Cable cars are increasingly used for mass transit in world cities and across rivers because they need little space, have virtually no waiting time, can run at over 20mph, and have very low emissions. They are already used in New York, Istanbul, Vancouver, Madrid, Caracas and Hamburg and other cities are planning systems. A cable car has crossed the Rhine in Cologne since 1957.
The report suggests that a cable car system for London could take up to 5,000 people an hour in each direction over the river between Beckton and Thamesmead, with cable cars arriving every 22 seconds. It would take two minutes to cross the river and could link in with other public transport systems and City airport.
It is heartening to see that this scheme matches a project which we covered a year ago, Poma's Cable Metro System. Whilst impractical in many areas, for river crossings and longer distance journeys with few stops, the system would be ideal, being cheap to install, producing few emissions, and offering iconic importance to London's skyline.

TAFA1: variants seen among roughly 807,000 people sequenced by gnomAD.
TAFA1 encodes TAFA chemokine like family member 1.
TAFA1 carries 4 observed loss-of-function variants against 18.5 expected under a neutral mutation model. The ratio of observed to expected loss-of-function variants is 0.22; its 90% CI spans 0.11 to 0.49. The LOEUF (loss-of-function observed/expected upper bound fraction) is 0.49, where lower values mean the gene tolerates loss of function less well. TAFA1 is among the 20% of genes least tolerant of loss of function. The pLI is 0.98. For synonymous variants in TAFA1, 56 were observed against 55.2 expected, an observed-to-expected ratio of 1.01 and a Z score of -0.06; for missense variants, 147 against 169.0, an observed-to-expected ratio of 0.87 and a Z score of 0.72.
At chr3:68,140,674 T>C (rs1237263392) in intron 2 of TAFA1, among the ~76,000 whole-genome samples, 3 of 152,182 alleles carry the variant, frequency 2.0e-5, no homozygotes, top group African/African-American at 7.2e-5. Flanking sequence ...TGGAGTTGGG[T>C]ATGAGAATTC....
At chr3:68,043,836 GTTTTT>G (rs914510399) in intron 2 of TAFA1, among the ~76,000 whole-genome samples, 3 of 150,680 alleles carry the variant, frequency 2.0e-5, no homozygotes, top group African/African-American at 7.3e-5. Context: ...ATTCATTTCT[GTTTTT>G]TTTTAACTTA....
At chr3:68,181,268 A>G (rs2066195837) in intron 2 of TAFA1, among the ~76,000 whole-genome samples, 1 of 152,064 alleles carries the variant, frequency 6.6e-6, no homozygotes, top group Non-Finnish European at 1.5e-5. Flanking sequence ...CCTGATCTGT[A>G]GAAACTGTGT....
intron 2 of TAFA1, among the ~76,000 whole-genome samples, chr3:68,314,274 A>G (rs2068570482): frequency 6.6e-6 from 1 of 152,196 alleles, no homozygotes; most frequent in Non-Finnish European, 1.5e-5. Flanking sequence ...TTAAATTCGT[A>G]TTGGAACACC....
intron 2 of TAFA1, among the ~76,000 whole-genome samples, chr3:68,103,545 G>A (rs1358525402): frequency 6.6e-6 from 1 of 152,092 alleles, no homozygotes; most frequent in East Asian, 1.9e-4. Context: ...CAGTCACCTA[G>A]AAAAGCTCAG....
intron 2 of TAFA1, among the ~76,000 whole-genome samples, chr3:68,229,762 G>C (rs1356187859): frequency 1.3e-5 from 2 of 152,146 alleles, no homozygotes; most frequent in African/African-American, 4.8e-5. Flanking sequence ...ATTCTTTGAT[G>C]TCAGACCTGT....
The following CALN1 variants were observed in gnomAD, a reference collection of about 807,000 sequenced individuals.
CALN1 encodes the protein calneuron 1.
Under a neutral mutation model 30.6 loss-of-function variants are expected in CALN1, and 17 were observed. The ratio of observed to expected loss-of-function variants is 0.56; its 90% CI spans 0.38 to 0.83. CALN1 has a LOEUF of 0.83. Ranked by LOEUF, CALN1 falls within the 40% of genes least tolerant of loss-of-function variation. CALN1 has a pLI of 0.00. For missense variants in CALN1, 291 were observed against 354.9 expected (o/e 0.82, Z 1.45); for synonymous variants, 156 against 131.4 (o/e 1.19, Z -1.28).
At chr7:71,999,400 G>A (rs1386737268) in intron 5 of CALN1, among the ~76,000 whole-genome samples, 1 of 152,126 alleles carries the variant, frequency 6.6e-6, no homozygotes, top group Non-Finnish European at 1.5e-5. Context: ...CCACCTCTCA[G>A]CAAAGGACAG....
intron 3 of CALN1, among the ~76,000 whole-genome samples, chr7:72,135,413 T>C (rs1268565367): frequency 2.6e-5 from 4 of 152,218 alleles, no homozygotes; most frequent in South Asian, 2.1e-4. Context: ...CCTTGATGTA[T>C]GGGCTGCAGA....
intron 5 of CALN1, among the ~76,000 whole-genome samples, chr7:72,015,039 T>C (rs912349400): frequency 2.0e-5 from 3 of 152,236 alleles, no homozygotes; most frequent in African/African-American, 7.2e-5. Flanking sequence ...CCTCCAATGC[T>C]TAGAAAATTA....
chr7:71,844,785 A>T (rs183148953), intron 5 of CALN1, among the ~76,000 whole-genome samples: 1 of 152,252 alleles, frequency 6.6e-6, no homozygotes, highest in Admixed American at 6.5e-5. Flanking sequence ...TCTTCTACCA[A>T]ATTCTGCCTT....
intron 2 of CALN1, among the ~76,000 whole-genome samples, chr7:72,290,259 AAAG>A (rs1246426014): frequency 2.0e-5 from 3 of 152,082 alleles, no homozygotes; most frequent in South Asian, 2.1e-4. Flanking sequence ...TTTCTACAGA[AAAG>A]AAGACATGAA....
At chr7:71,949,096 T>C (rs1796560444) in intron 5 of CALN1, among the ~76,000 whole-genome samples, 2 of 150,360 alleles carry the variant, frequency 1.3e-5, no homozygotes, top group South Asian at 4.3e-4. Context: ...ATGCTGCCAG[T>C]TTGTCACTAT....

As the Guardian states:
The cable car option is likely to be taken seriously. Boris Johnson, mayor of London since the start of May and now chair of Transport for London, said before his election that that he was not satisfied with the £500m bridge option.
This project offers many incentives to the Mayor: it can be built cheaply and be in place before 2012. Whilst no project is perfect, in this case many of the needs that London faces can be met by cable cars. It remains to be seen how bold Mayor Johnson will be on this issue.
We will report any progress on this issue here.